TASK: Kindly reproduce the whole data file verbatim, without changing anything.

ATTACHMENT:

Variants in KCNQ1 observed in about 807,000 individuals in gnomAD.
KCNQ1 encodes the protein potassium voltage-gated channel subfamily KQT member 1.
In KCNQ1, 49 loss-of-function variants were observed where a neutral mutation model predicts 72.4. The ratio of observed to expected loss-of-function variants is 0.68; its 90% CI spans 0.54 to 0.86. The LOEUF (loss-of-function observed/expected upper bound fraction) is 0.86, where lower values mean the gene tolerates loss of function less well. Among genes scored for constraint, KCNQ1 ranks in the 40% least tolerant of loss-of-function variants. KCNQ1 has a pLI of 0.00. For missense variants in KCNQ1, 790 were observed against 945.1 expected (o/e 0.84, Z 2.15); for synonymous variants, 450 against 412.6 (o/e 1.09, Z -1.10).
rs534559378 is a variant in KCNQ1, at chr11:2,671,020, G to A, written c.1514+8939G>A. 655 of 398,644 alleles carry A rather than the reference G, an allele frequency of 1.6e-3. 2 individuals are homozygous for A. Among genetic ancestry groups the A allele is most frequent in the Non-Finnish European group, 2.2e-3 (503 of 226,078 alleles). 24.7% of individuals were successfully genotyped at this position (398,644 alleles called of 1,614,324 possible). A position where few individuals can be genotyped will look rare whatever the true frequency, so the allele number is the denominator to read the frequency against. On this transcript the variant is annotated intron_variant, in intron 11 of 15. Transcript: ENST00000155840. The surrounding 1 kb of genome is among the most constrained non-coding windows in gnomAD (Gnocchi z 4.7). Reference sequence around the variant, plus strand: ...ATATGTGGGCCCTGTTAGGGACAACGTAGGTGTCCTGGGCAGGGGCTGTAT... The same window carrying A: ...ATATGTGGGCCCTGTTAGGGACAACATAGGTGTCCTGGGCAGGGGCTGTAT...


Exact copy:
Variants in KCNQ1 observed in about 807,000 individuals in gnomAD.
KCNQ1 encodes the protein potassium voltage-gated channel subfamily KQT member 1.
In KCNQ1, 49 loss-of-function variants were observed where a neutral mutation model predicts 72.4. The ratio of observed to expected loss-of-function variants is 0.68; its 90% CI spans 0.54 to 0.86. The LOEUF (loss-of-function observed/expected upper bound fraction) is 0.86, where lower values mean the gene tolerates loss of function less well. Among genes scored for constraint, KCNQ1 ranks in the 40% least tolerant of loss-of-function variants. KCNQ1 has a pLI of 0.00. For missense variants in KCNQ1, 790 were observed against 945.1 expected (o/e 0.84, Z 2.15); for synonymous variants, 450 against 412.6 (o/e 1.09, Z -1.10).
rs534559378 is a variant in KCNQ1, at chr11:2,671,020, G to A, written c.1514+8939G>A. 655 of 398,644 alleles carry A rather than the reference G, an allele frequency of 1.6e-3. 2 individuals are homozygous for A. Among genetic ancestry groups the A allele is most frequent in the Non-Finnish European group, 2.2e-3 (503 of 226,078 alleles). 24.7% of individuals were successfully genotyped at this position (398,644 alleles called of 1,614,324 possible). A position where few individuals can be genotyped will look rare whatever the true frequency, so the allele number is the denominator to read the frequency against. On this transcript the variant is annotated intron_variant, in intron 11 of 15. Transcript: ENST00000155840. The surrounding 1 kb of genome is among the most constrained non-coding windows in gnomAD (Gnocchi z 4.7). Reference sequence around the variant, plus strand: ...ATATGTGGGCCCTGTTAGGGACAACGTAGGTGTCCTGGGCAGGGGCTGTAT... The same window carrying A: ...ATATGTGGGCCCTGTTAGGGACAACATAGGTGTCCTGGGCAGGGGCTGTAT...